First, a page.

• A range of general Australian Government Department of Health programs contribute to the prevention and management of diet-related disorders among Aboriginal and Torres Strait Islanders at a national level. However, since the expiry of the National Aboriginal and Torres Strait Islander nutrition strategy and action plan 2002-2010, there has been no national coordination of nutrition efforts in Australia.
  • Several community-based nutrition programs have demonstrated positive outcomes in the past. The most effective programs have adopted a multi-strategy approach, addressing both food supply (availability, accessibility and affordability of foods) and demand for healthy foods. A major success factor is community involvement in (and, ideally, control of) all stages of program initiation, development, implementation and evaluation, to ensure the intervention is culturally appropriate and tailored to community needs.
  • Programs to improve food supply have included a focus on: food retail outlets; local food production, such as school or community gardens; food provided by Aboriginal and Torres Strait Islander and community organisations; and food aid. Community store nutrition policies have been shown to be important influences on the food supply and dietary intake in remote areas.
  • While nutrition education alone will not improve food security or dietary intake, it can be effective when combined with a range of other strategies to help people access healthy food, such as cooking programs, peer education, budgeting advice, and group-based lifestyle modification programs.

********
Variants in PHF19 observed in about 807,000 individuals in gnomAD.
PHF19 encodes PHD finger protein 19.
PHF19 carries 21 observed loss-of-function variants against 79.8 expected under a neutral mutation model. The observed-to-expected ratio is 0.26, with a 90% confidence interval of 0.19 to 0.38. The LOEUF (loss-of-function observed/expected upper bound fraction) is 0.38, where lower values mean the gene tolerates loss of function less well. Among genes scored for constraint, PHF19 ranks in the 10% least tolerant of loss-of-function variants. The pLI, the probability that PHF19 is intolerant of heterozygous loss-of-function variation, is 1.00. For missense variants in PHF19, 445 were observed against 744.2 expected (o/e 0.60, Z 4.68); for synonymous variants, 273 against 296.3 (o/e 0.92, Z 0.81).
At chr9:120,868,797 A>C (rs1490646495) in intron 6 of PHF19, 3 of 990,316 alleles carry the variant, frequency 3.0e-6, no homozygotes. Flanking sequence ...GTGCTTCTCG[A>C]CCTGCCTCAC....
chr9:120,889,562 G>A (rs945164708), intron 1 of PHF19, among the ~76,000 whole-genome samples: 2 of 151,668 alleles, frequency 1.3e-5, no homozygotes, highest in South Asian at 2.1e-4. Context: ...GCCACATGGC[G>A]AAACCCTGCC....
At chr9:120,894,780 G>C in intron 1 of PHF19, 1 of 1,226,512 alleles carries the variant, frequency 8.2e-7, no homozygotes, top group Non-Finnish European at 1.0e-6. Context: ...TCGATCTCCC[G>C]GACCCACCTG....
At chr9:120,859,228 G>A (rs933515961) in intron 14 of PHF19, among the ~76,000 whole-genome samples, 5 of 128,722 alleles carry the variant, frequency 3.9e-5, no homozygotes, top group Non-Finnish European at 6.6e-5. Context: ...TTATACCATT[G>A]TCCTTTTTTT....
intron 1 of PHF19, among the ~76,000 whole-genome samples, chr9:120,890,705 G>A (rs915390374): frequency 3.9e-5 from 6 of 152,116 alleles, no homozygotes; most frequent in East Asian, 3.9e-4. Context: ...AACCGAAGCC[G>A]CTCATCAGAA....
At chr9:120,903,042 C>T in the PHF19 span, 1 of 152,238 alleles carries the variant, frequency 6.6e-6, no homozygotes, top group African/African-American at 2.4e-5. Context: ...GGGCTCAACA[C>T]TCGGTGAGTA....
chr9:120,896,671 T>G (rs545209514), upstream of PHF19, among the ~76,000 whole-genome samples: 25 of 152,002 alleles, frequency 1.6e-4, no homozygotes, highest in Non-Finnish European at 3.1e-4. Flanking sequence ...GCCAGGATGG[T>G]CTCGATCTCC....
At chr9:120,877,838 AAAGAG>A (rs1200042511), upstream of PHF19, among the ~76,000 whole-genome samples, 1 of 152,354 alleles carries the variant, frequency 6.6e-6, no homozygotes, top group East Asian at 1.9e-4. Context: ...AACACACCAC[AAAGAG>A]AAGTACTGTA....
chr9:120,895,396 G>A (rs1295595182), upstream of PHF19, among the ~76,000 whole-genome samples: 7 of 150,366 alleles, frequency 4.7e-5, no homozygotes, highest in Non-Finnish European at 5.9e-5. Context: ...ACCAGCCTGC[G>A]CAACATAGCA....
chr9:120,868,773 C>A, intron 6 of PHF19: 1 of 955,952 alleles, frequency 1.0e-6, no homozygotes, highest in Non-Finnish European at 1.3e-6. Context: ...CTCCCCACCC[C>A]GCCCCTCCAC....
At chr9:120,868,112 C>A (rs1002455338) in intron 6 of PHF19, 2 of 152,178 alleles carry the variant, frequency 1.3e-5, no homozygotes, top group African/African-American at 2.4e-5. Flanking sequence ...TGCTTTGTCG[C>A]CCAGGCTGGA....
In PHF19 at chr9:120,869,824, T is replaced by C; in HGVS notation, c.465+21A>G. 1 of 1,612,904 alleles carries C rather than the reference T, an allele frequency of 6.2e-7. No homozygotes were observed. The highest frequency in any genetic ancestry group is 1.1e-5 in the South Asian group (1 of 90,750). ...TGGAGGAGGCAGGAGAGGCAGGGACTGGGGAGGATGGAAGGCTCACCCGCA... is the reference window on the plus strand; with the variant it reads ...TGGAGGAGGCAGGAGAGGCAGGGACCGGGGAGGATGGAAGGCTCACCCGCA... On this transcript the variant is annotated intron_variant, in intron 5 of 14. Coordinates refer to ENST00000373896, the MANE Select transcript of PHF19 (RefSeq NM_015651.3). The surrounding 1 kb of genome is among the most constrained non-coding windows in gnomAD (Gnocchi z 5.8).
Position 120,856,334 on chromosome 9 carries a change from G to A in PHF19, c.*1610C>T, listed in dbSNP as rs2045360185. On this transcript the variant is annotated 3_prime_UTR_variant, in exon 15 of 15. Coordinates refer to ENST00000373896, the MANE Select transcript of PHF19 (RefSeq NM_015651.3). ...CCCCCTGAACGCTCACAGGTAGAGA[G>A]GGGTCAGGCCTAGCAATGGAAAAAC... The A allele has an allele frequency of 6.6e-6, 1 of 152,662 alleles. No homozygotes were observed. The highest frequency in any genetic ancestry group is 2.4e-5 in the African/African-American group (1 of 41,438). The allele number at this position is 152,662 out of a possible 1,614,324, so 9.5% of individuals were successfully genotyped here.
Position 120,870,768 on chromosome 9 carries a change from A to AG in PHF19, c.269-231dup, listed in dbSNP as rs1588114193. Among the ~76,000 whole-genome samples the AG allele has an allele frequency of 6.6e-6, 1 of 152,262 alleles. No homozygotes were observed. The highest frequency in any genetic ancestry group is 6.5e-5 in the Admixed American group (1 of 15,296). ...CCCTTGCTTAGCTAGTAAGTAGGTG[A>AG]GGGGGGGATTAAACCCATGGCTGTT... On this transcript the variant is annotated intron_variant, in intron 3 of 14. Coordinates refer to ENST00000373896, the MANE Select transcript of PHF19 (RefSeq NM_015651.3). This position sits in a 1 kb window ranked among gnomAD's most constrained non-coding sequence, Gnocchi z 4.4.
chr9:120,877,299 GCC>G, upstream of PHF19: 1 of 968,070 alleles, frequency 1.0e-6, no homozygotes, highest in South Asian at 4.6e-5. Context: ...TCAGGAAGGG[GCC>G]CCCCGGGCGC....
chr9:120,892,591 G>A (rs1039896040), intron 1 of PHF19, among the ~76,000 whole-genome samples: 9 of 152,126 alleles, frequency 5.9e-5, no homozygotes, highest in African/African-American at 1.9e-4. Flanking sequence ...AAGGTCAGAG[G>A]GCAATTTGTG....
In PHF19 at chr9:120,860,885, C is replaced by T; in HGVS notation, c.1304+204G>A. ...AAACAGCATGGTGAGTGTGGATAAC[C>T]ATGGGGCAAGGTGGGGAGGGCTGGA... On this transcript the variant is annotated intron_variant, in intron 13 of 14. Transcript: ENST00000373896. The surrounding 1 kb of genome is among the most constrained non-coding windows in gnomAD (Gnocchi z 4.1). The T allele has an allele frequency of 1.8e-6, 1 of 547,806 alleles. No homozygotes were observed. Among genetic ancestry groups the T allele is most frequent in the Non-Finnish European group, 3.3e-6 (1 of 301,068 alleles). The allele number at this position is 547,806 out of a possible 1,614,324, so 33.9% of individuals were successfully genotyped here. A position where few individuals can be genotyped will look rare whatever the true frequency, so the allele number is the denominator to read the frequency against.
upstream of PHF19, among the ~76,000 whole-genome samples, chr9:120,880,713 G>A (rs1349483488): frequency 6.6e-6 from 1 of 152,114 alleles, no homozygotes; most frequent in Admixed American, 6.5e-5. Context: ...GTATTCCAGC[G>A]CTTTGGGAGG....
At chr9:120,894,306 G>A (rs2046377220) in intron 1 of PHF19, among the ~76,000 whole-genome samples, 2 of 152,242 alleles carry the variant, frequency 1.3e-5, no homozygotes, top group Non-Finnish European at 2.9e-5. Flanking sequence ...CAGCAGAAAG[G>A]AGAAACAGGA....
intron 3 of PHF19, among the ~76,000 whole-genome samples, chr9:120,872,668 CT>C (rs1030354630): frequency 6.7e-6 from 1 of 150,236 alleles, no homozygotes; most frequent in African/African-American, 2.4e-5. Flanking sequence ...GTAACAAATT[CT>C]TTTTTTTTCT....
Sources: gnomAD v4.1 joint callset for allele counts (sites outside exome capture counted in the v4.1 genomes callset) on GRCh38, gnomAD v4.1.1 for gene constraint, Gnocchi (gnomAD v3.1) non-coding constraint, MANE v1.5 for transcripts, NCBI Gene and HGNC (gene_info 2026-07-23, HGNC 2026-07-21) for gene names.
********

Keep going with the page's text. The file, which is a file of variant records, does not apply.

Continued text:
• A well-supported, resourced and educated Aboriginal and Torres Strait Islander nutrition workforce is essential for the success of nutrition interventions.
  • There is a long history of effort to improve nutrition and food security among Aboriginal and Torres Strait Islander people, however there is no current national nutrition policy or strategy in place.
  • Improving food supply and security to better prevent and manage poor nutrition and diet-related disease is vital to the current and future health of Aboriginal and Torres Strait Islander Australians. Food and nutrition programs play an important role in the holistic approach to improving health outcomes for Aboriginal and Torres Strait Islander people.